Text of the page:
Incredible Raw Image of Saturn’s Swirling North Pole

Ok, are you ready for this?

I know… WOW.

This swirling maelstrom of clouds is what was seen over Saturn’s north pole earlier today, November 27, by NASA’s Cassini spacecraft. This is a raw image, acquired in polarized light, from a distance of 238,045 miles (383,097 kilometers)… all I did was remove some of the hot pixels that are commonly found on Cassini images taken with longer exposures.

Again… WOW.

My attempt at a color composite can be seen below, plus another treat:

It’s rough, and a little muddy because the clouds were moving between image channels (not to mention the blue channel image was rather underexposed) but here’s a color-composite of the same feature, made from images taken from a slightly different perspective:

Color composite of Saturn’s north polar vortex

Pretty darn cool… Cassini does it yet again!

The images above show an approximately 3,000-4,000-km-wide cyclone above Saturn’s north pole. Saturn is also known to have a long-lived hexagonal jet stream feature around its north pole as well, but that is not shown in those images as it runs along a lower latitude. Instead, you can see that HERE:

Saturn’s northern hexagon

Captured with a wider angle, in this image the hexagon structure can be made out as well as the cyclone, which sits at the center just over the pole. Saturn’s hexagon is about 25,000 km (15,500 miles) in diameter… large enough to fit almost four Earths inside. This image was also acquired today.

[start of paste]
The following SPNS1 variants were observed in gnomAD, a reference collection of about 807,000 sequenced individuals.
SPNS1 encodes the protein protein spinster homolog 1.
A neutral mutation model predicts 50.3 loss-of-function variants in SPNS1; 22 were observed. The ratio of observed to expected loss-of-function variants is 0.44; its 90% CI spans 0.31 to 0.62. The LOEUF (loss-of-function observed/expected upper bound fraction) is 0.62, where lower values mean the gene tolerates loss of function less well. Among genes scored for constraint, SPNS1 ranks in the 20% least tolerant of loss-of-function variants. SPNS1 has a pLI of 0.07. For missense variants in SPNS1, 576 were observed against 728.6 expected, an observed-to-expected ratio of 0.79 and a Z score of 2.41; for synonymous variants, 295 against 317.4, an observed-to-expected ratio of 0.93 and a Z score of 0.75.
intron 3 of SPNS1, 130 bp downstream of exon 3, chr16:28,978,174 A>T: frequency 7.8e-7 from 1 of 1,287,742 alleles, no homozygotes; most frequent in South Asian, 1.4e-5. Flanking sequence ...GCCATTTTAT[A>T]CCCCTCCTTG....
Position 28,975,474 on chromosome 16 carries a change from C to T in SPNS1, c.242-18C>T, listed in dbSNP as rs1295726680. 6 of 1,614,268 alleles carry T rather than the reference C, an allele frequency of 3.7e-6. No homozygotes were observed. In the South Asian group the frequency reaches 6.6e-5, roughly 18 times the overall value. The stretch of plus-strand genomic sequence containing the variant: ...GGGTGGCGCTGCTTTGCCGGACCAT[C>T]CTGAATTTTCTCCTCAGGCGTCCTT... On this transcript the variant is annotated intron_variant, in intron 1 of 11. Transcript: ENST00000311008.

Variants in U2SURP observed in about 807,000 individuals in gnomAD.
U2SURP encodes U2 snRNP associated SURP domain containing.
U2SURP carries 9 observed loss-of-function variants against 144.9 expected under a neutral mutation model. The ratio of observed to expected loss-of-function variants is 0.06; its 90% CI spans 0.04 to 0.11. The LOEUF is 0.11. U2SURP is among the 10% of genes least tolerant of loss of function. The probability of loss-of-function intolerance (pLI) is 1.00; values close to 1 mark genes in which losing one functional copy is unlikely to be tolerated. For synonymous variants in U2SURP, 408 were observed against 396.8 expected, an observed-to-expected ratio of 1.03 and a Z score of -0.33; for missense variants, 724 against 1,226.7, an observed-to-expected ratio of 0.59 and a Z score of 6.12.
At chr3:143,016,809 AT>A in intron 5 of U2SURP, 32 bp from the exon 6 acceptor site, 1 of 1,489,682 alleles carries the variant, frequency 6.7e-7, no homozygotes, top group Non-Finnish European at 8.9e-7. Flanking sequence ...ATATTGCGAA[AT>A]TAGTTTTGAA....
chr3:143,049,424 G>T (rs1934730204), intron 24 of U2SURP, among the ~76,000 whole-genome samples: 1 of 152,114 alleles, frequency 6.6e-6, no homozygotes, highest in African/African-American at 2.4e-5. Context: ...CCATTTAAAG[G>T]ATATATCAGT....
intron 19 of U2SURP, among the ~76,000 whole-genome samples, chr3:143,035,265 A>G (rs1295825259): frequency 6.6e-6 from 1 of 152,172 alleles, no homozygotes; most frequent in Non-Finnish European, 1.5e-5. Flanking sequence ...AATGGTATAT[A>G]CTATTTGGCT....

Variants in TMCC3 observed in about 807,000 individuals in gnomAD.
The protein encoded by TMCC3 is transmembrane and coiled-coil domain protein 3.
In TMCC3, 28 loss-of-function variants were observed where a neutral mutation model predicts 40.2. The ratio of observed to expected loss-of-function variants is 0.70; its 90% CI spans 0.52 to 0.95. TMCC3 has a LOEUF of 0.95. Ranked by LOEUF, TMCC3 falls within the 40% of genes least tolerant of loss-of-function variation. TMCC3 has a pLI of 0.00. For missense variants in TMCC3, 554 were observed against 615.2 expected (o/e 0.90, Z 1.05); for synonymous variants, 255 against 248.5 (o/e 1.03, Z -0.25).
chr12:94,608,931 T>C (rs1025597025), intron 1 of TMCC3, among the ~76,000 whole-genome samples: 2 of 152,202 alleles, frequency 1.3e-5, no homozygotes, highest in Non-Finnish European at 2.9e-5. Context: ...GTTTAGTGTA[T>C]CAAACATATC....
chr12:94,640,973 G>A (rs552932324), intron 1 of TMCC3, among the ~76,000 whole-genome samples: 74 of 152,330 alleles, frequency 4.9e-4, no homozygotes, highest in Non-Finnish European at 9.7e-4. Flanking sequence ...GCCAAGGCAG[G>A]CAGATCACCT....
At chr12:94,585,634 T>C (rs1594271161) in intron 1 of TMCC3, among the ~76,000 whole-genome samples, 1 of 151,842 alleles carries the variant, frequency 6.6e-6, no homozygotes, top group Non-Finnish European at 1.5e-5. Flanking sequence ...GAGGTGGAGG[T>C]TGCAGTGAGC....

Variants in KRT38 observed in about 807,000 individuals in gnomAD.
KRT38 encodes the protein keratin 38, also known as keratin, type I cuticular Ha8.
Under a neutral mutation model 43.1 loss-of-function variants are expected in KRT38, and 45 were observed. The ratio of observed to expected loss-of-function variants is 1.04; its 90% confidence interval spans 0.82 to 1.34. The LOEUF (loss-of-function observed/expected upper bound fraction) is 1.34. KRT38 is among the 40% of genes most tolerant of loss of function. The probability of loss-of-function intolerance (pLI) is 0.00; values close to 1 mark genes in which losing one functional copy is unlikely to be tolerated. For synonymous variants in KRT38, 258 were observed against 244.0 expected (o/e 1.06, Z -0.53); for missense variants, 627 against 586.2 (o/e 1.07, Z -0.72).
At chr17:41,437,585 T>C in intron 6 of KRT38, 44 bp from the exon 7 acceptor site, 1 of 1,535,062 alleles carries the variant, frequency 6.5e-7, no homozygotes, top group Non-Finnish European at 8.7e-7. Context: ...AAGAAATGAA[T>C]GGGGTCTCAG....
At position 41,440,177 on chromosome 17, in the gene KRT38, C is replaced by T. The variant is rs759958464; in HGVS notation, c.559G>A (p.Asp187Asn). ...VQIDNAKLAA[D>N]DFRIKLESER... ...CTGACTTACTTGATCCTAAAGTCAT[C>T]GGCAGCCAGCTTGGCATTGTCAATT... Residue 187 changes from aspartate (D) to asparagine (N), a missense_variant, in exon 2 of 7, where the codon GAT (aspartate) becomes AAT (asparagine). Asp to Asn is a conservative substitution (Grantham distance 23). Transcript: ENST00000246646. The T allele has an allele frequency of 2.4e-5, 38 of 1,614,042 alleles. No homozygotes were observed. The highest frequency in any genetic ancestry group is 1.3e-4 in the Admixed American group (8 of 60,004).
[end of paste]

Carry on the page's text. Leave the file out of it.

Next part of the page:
An RGB composite of this feature is below:

Saturn’s northern hexagon – color composite

It’s been a few years since we’ve gotten such a good look at Saturn’s north pole… thanks to Cassini’s new orbital trajectory, which is taking it high above the ring plane and poles of Saturn, we now have the opportunity to view the gas giant’s dynamic upper latitudes again. I’m sure this is just a taste of what’s to come!

(Image credit: NASA/JPL/Space Science Institute. Color composites by Jason Major)

Jason Major

A graphic designer in Rhode Island, Jason writes about space exploration on his blog Lights In The Dark, Discovery News, and, of course, here on Universe Today. Ad astra!

Recent Posts

In 1872, a Solar Storm Hit the Earth Generating Auroras from the Tropics to the Poles

Imagine a solar storm generating auroral displays across the entire sky. No, we haven't quite…

2 hours ago

For its Final Trick, Chandrayaan-3 Brings its Propulsion Module to Earth Orbit

On August 23, ISRO's Vikram lander detached from its propulsion module and made a soft…

5 hours ago

ESA’s Ariel Mission is Approved to Begin Construction

We're about to learn a lot more about exoplanets. The ESA has just approved the…

7 hours ago

Communicating With a Relativistic Spacecraft Gets Pretty Weird

Someday, in the not-too-distant future, humans may send robotic probes to explore nearby star systems.…

10 hours ago

99% of Space Junk is Undetectable. That Could Change Soon

Private and military organizations are tracking some of the 170 million pieces of space junk…

11 hours ago

Astronomers Calculate Which Exoplanets Are Most Likely to Have Water

Astronomers know of about 60 rocky exoplanets orbiting in the habitable zones of their stars.…

11 hours ago